Tiberius Sempronius GRACCHUS was born in 168 B.C and lived only until 133 B.C. The Gracchii were important in Roman politics, but Tiberius became a Tribune only in the last year of his life. He presented a bill to re-possess illegal holdings of what he called ‘public lands’, later to re-distribute this land among the poor and needy. He was a very early example of socialism.
Using his powers he disregarded, in fact by-passed completely the Senate, deposing an erstwhile colleague who had attempted to veto the bill. But his total disregard of the Senate aroused the ire of the senators, naturally, and a violent reaction was provoked. When Tiberius tried to be re-elected his enemies, extremists in the Senate, claiming to uphold law and order, charged Gracchus and his supporters (also senators) with swords and knives. Many were killed in the resulting mélee, including Tiberius. He was thirty-five. Mafia-like traditions in Italy started very early in Rome’s history.
Gaius Sempronius GRACCHUS was born in 158 B.C, taking his place as a Tribune in 123/122 BC. He was a brother of Tiberius S. Gracchus. Equally as public-minded as his brother, he introduced exetensive reforms to lessen poverty, and correct senatorial corruption and abuse of power. As can be imagined, this did not make him popular with corrupt and abusive senators.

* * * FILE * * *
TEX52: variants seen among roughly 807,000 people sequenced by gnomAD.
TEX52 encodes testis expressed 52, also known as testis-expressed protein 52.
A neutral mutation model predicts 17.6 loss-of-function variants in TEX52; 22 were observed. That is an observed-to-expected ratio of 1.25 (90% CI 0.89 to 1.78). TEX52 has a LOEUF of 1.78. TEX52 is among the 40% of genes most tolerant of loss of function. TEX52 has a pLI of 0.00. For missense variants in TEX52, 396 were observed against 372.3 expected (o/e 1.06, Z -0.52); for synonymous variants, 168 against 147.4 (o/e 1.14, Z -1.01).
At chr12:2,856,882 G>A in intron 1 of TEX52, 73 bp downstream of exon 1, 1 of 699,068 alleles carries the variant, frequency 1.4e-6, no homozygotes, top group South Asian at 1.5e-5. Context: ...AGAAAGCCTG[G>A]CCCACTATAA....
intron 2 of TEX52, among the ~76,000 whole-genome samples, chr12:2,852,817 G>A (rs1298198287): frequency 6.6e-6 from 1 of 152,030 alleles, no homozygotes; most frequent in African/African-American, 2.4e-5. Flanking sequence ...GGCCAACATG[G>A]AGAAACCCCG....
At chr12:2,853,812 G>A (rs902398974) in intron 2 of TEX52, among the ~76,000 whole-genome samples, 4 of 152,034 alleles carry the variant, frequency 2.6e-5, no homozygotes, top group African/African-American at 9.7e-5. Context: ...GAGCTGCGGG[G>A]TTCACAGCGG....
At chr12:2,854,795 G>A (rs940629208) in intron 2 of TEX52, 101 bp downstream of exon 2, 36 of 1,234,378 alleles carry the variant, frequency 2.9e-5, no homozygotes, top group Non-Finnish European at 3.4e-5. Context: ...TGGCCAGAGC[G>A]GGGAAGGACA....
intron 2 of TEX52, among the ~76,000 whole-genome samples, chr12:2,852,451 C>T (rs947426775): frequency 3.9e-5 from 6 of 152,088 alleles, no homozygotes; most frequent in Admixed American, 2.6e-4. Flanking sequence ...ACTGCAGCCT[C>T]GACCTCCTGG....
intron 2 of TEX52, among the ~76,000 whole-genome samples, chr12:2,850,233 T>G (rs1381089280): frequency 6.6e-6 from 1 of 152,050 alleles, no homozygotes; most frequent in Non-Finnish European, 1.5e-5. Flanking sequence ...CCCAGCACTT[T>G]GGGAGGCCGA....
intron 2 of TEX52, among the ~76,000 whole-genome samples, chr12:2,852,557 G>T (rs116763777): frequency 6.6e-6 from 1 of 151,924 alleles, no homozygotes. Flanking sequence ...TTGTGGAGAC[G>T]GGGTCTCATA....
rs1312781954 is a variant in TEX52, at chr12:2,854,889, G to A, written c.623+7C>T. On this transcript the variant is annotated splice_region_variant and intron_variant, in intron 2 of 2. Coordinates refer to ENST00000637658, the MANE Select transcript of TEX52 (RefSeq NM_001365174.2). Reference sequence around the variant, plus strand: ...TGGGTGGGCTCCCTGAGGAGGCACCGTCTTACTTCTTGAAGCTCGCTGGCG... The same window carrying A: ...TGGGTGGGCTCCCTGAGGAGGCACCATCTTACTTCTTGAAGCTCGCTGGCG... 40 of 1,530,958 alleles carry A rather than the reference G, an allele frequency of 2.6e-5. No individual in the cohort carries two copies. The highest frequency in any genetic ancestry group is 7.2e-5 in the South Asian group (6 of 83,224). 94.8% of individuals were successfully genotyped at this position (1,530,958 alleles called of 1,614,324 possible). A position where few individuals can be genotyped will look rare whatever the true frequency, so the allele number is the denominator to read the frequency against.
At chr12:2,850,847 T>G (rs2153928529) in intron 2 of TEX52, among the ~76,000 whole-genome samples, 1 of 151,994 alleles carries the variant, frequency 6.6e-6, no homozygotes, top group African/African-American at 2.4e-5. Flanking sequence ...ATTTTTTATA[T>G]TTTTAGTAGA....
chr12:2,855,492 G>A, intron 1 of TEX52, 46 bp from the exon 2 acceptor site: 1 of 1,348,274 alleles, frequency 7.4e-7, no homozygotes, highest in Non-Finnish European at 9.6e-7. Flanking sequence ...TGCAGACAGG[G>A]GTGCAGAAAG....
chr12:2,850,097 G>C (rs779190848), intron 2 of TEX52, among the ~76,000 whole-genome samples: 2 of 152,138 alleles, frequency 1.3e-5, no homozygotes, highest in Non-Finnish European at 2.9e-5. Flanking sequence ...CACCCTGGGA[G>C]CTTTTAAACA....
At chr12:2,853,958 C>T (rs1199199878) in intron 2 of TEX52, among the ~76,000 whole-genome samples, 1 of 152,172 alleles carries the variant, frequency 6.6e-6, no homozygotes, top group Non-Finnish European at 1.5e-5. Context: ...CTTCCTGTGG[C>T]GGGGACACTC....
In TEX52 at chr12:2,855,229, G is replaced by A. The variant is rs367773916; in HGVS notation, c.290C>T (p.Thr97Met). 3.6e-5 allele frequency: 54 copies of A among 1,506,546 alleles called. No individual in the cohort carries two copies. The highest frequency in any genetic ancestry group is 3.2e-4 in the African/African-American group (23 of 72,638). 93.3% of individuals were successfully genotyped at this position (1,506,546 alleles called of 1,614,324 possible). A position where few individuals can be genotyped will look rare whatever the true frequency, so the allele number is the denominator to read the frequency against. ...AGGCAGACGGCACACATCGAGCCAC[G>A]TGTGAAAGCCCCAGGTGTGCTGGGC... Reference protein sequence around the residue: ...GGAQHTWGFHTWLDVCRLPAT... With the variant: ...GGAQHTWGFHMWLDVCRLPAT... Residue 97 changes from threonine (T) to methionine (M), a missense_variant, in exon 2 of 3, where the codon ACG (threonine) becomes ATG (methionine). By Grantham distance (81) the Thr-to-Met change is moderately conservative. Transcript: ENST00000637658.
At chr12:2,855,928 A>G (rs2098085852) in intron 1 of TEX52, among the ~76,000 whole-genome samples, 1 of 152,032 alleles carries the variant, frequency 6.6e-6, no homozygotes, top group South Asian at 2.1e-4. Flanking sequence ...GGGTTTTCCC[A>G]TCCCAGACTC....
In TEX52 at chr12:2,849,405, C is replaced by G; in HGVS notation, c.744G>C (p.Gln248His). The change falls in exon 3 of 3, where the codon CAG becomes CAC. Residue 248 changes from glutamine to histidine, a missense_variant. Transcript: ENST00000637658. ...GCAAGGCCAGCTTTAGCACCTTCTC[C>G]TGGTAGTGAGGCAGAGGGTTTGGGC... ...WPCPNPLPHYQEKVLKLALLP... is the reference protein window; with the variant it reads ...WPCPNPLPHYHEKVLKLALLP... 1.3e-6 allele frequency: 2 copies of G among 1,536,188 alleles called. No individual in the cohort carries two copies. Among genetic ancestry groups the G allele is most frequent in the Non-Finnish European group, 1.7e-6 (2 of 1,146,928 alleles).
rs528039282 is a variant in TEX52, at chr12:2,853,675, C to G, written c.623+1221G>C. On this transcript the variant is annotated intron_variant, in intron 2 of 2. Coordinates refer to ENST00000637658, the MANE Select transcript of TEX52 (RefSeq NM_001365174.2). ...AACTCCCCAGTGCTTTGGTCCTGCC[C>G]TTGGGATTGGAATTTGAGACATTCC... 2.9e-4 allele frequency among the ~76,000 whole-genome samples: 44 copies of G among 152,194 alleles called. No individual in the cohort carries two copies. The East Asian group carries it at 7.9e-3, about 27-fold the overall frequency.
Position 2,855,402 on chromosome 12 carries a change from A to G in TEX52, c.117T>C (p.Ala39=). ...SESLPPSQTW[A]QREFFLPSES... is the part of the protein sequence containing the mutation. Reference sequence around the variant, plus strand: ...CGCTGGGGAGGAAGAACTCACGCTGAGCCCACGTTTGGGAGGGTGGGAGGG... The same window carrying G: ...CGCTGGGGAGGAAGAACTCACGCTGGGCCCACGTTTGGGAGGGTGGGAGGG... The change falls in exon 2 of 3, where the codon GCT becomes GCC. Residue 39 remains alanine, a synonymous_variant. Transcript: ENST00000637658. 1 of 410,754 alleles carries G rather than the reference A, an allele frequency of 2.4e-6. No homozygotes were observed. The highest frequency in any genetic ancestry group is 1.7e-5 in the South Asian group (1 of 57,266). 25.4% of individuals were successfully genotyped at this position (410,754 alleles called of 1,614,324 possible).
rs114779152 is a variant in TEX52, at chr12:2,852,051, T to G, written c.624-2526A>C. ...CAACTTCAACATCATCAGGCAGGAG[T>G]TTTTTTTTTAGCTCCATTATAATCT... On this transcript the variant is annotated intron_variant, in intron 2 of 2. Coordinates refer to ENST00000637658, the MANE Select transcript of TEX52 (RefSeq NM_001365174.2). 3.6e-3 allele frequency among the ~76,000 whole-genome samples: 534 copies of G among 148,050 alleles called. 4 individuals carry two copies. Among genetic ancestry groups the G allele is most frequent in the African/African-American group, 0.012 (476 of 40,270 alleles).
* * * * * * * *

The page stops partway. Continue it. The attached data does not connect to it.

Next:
Among Gaius’ innovations were a corn subsidy, and, perhaps more importantly (for Rome), an overseas colony in Carthage. When his fellow senators got together to discuss how they could rid themselves of this very early liberal, they were told that all he really wanted was to extend the voting franchise to fellow Romans. This was a lie of course, but it would do just as well as anything else.
In 121 BC Gaius’ enemies in the Senate arranged for the presiding Consul to to take violent action against Gracchus and his followers. In a putsch similar to Hitler’s Cristalnacht he and the rest of his admirers were chased through the streets and slaughtered. Gaius was thirty-seven.
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